Jean called It gettin' even. Jacob
spilt Frank's blood and Frank spilt
Jacob's milk. There you are." Mr.
Wells prided himself on his fine sense
of justice. Mrs. Whltcombe retreated
behind an-adroit chang'e of subject. At
this she was an adept.
That Mrs. Whltcombe passionately
disliked Jean, she made no effort - to
conceal, but the true reason therefor,
which she would hardly admit even to
herself, was because the youth pos
sessed such a superabundance of ;ood
looks, while her own son. who w,as
about the same ago as the twins, was
so ugly that people talked about ? it
openly as a matter so obvious there
need be no reticence about It. And
Jean's beauty only served to bring out )
Jacob's ugly features the more sharply ;
by contrast. Mrs. Whltcombe loved
her ugly duckling with all the pass'Ion 1
of which her warped nature was capa
ble, and hated Jesfn with a passion al
most as great.
In the bitterness of her soul she
took every occasion to taunt hor sis- J
ter-ln-law with her son's wayward- t
ness. always ending with. "You mark
my words, Cynthy. the boy'll come to
a bad end. He'll bring your gray
hairs in sorrow to the dust." And
Jean's poor, harassed little mother
would answer hopefully: "He ain't all
bad, Susan; a boy that never tells no
lies and don't do no hurt to animals.
can't be .all bad. He's Jest got double I
his share of mischief. You know I alius i
says he got Frank's share too. Frank's j
that quiet like he jest sets around a j
dreamln' and a dreamln .
To this Mrs. Whltcombe would only
shake her head In the most aggravating
way, and, as she rose to go. would
Are h"r parting shot. "You'll wish yet
he'd never been born."
When she had gone Joan's mother
would compress her lips firmly and
throw up her head defiantly, but would
have a heart-to-heart 'talk with Jean
One afternoon while Mrs. Whltcombo I
was -sitting at her window, she saw Jean j
and his mother in her faded blue calico ;
wrapper and huge sunbonnet come out 1
ofvlhelr front gate and start down the j
road, both gesturing excitedly. When they j
had walked a short distance and were
almost In front of Mrs. Whltcombe's win
dow they stopped, evidently In the heat I
commission have never even heard of me;
and as to the others, the two heads, as
I call them, of this great double-headed
snake, one barely knows me by sight,
and the other has never seen me In the
schoolroom ninety minutes altogether.
Marjorie. I just can't I can't It would
kill me to be refused and yet" and here
her face whitened, and her voice dropped
to a whisper. "I've got to. I'm getting
so nervous lately. I need a Summer trip
away a real rest and a merit rise Is my
only hope. It's so little for them to give
only twenty-five cents a day for the
twenty working days and It means, so
much to us. Besides, I've worked so hard
it isn't begging to ask for It. Haven't I
"It Isn't work or results that count as
much as p'rofcsslonallsm and atmosphere,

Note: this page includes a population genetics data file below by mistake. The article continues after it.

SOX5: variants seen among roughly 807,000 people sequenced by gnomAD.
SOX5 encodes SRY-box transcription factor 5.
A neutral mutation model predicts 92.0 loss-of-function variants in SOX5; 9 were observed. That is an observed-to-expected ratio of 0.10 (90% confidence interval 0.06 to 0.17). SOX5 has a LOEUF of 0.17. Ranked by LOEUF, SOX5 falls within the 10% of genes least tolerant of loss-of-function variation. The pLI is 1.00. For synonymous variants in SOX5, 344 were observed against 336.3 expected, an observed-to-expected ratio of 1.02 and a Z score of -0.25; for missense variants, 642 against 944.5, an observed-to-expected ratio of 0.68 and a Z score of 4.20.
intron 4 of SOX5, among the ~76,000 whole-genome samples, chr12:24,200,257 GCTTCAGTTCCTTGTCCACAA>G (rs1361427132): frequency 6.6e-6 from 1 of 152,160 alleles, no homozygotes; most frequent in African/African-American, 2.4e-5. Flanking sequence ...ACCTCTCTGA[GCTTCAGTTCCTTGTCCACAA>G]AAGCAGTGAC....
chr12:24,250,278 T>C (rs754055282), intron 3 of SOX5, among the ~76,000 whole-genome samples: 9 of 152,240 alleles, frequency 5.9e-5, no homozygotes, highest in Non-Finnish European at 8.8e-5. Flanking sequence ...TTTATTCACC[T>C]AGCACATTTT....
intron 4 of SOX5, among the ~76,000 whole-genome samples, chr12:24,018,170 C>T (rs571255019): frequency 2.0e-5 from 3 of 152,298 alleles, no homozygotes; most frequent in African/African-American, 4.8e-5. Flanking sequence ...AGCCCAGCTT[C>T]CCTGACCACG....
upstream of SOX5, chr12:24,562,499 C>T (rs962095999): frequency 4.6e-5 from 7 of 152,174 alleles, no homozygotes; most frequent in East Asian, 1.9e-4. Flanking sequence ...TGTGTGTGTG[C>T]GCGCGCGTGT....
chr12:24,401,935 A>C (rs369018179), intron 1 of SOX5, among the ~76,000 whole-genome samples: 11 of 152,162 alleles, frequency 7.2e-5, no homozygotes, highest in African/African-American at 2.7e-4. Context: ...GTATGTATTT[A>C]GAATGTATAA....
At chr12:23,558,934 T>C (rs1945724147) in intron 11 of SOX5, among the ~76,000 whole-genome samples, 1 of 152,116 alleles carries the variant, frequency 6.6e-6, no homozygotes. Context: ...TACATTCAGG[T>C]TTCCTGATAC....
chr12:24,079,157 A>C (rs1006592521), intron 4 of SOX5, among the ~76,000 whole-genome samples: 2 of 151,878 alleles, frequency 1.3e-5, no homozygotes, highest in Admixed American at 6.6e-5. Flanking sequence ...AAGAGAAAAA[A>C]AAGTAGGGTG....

as I understand It," said Marjorie, with
a lift of her brows. ".And, Lizzie, dear.
If I were you 1 would work less, worry
less, and bluff It a little more"
"I wish I knew how," said Lizzie,
wearily. But somehow I have a wretch
edly uncomfortable conscience to deal
with. It goada me If I fall short."
"An unpleasant bedfellow." said Mar
jorie, "and, like the algebraic X, it ought
to be eliminated. If I knew of a virus
that would put you Immune. I'd lnnocu
latc you even by force. But you must
get to sleep, dear, or forty-five pairs of
bright eyes will see those dark circles
around your poor, tired eyes; and won
der the cause. Tomorrow- we will put in
our applications tomorrow, Lizzie. Noth
ing venture, nothing have."
"Little boats, should keep near shore,"
retorted Lizzie with a bitterness of per
sonal application. "And yet and yet
what Is it JOhn Burroughs says in that
beautiful little poem of his: "I know my
twn will come to me.' My own; it is my
own; I've earned it; I deserve it. the tax
payers have meant it for me, and the
laborer is worthy of his hire. Yes, to
morrow, I'll apply. 'Tomorrow, and to
morrow, and tomorrow' Macbeth, you
were not in greater torment over your
gory deeds than I over the financial
gymnastics of our School Directors. Di
rectors? Oh, no," and she burled her
face In her hands. "Not directors.
They're mlsdlrcctors. They're dealing -in
human flesh, and doling out our life
blood and, at a fling of their loaded
dice, deciding whether or not there are
still twenty-five cents worth of red cor
puscles unexpended in our veins. Our
life against their money. And a niggard's
sum at that!"
"The rise? Oh, yes, of course. I well,
really, I can't confess to being surprised.
I rather expected It. You see I had that
vulgar appendix to my accomplishments,
a pull. But Lizzie, have you seen her?
Do you know, if she were rejected, I
never could look her in the face again!
I'd feel as If she hated me, or ought to.
Talk of merit, she's the one that de
serves It. Why, she Is full of literature
to the bone, while I oh, well, I'm on the
list, anyway. Born lucky! There she
comes now. I must wait for her."
Impatiently, with the song and. dance
of life, and the .primitive lqye of living
a-tingle in 'her blood and at her finger
tips, the girl waited. Superb, you -would
of argument. Suddenly, to Mrs. Whit-
combe's amazement, she saw her sister-in-law
raise her hand in the act of strik
ing Jean, when the latter, as suddenly,
clenched his fist and. warding off the blow
wlthone hand, struck at his mother with
the other. She sank. to the ground and
lay perfectly still.
Mrs. Whltcombe ran oift of tllcChbuse
at the top of hor' speed. When she
reached the gate the prostrate form was
still lying in the middle of the road, and
Jean was kneeling beside It, every .line
of his quivering framo eloquent of grief.
His evident remorse called forth no pity
ing thought from his aunt. Her triumph
"1 alius told her you'd bring her gray
hair in sorrow to the- grave." Jean's
shoulders shook convulsively, but Mrs.
Whltcombe continued harshly, "Didn't
I alius say you'd come to a had end, and.